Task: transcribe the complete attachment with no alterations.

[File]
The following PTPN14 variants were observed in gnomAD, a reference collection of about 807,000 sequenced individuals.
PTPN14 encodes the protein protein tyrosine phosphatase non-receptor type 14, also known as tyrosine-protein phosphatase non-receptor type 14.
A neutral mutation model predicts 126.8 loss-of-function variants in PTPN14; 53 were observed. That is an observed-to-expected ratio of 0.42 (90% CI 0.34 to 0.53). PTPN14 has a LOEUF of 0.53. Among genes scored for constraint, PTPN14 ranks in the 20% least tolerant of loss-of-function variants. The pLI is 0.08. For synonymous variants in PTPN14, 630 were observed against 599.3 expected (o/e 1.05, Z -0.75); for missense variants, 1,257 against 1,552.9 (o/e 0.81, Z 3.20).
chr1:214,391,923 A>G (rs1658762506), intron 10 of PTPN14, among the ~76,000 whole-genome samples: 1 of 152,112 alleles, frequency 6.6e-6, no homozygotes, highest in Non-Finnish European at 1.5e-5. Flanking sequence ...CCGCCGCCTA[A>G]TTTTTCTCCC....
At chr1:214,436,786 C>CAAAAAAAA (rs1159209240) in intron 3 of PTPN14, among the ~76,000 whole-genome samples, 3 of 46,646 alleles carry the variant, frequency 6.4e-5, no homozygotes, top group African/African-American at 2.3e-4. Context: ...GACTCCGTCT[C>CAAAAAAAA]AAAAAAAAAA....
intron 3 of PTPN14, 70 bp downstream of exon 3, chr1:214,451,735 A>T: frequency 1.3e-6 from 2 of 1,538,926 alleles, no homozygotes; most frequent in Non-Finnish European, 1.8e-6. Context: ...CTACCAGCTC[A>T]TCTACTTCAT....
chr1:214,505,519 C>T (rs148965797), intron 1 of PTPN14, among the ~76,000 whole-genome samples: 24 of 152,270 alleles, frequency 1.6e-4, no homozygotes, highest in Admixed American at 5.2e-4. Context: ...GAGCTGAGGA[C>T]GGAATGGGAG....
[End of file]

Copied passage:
The following PTPN14 variants were observed in gnomAD, a reference collection of about 807,000 sequenced individuals.
PTPN14 encodes the protein protein tyrosine phosphatase non-receptor type 14, also known as tyrosine-protein phosphatase non-receptor type 14.
A neutral mutation model predicts 126.8 loss-of-function variants in PTPN14; 53 were observed. That is an observed-to-expected ratio of 0.42 (90% CI 0.34 to 0.53). PTPN14 has a LOEUF of 0.53. Among genes scored for constraint, PTPN14 ranks in the 20% least tolerant of loss-of-function variants. The pLI is 0.08. For synonymous variants in PTPN14, 630 were observed against 599.3 expected (o/e 1.05, Z -0.75); for missense variants, 1,257 against 1,552.9 (o/e 0.81, Z 3.20).
chr1:214,391,923 A>G (rs1658762506), intron 10 of PTPN14, among the ~76,000 whole-genome samples: 1 of 152,112 alleles, frequency 6.6e-6, no homozygotes, highest in Non-Finnish European at 1.5e-5. Flanking sequence ...CCGCCGCCTA[A>G]TTTTTCTCCC....
At chr1:214,436,786 C>CAAAAAAAA (rs1159209240) in intron 3 of PTPN14, among the ~76,000 whole-genome samples, 3 of 46,646 alleles carry the variant, frequency 6.4e-5, no homozygotes, top group African/African-American at 2.3e-4. Context: ...GACTCCGTCT[C>CAAAAAAAA]AAAAAAAAAA....
intron 3 of PTPN14, 70 bp downstream of exon 3, chr1:214,451,735 A>T: frequency 1.3e-6 from 2 of 1,538,926 alleles, no homozygotes; most frequent in Non-Finnish European, 1.8e-6. Context: ...CTACCAGCTC[A>T]TCTACTTCAT....
chr1:214,505,519 C>T (rs148965797), intron 1 of PTPN14, among the ~76,000 whole-genome samples: 24 of 152,270 alleles, frequency 1.6e-4, no homozygotes, highest in Admixed American at 5.2e-4. Context: ...GAGCTGAGGA[C>T]GGAATGGGAG....